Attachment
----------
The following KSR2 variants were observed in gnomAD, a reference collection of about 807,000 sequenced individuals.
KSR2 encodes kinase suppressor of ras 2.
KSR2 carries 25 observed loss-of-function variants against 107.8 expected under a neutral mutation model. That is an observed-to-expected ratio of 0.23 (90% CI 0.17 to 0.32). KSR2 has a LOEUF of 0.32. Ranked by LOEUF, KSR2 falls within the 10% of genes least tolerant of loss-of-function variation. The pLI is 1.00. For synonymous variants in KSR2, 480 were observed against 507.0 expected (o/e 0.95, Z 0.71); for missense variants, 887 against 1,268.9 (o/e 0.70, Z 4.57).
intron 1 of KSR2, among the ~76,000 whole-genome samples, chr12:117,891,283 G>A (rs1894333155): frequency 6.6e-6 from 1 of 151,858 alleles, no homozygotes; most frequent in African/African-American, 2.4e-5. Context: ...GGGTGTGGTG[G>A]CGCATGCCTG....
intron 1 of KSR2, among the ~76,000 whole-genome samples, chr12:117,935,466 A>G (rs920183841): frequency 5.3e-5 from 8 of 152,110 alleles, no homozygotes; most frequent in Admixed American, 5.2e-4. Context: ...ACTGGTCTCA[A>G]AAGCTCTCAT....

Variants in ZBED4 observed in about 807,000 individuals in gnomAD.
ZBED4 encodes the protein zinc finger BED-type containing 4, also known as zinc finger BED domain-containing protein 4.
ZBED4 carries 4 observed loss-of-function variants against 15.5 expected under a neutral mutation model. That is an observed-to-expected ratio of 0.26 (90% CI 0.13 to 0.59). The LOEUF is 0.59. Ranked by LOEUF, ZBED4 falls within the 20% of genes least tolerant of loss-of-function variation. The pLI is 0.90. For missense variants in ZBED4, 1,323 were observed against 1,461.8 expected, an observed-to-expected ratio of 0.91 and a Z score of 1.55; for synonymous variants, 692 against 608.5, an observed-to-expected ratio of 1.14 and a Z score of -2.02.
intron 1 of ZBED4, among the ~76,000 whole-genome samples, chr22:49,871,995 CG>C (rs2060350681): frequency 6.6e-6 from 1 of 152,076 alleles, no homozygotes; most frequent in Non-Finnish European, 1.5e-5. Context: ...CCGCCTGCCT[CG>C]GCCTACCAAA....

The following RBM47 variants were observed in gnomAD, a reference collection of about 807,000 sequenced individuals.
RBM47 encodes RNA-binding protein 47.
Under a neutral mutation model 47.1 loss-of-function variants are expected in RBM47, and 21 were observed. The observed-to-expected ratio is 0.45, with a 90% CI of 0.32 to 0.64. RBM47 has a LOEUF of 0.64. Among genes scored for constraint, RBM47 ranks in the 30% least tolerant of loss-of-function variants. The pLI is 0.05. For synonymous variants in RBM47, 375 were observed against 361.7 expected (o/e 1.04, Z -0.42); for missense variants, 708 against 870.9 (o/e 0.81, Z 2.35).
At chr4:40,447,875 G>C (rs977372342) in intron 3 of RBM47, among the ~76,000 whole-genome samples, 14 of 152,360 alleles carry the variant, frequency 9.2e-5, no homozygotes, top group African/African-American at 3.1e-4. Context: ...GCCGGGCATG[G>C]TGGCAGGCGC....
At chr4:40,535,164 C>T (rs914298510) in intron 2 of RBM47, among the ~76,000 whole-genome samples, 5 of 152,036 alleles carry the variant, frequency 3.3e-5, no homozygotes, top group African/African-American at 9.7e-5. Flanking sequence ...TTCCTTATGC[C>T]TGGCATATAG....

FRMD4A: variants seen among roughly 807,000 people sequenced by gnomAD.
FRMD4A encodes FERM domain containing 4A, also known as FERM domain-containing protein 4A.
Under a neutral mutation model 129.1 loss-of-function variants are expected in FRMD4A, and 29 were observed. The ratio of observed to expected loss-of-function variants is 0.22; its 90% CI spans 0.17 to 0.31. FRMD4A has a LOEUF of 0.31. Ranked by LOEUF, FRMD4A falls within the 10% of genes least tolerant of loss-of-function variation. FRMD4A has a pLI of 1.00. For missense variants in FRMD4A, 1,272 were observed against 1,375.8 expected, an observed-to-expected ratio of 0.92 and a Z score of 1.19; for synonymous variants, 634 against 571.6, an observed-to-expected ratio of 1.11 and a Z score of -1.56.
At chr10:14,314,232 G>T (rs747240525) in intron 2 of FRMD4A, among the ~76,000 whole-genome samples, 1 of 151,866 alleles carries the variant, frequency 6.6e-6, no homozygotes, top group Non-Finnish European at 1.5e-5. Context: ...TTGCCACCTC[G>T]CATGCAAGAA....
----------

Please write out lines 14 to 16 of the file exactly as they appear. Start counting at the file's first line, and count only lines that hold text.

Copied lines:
At chr4:40,535,164 C>T (rs914298510) in intron 2 of RBM47, among the ~76,000 whole-genome samples, 5 of 152,036 alleles carry the variant, frequency 3.3e-5, no homozygotes, top group African/African-American at 9.7e-5. Flanking sequence ...TTCCTTATGC[C>T]TGGCATATAG....

FRMD4A: variants seen among roughly 807,000 people sequenced by gnomAD.
FRMD4A encodes FERM domain containing 4A, also known as FERM domain-containing protein 4A.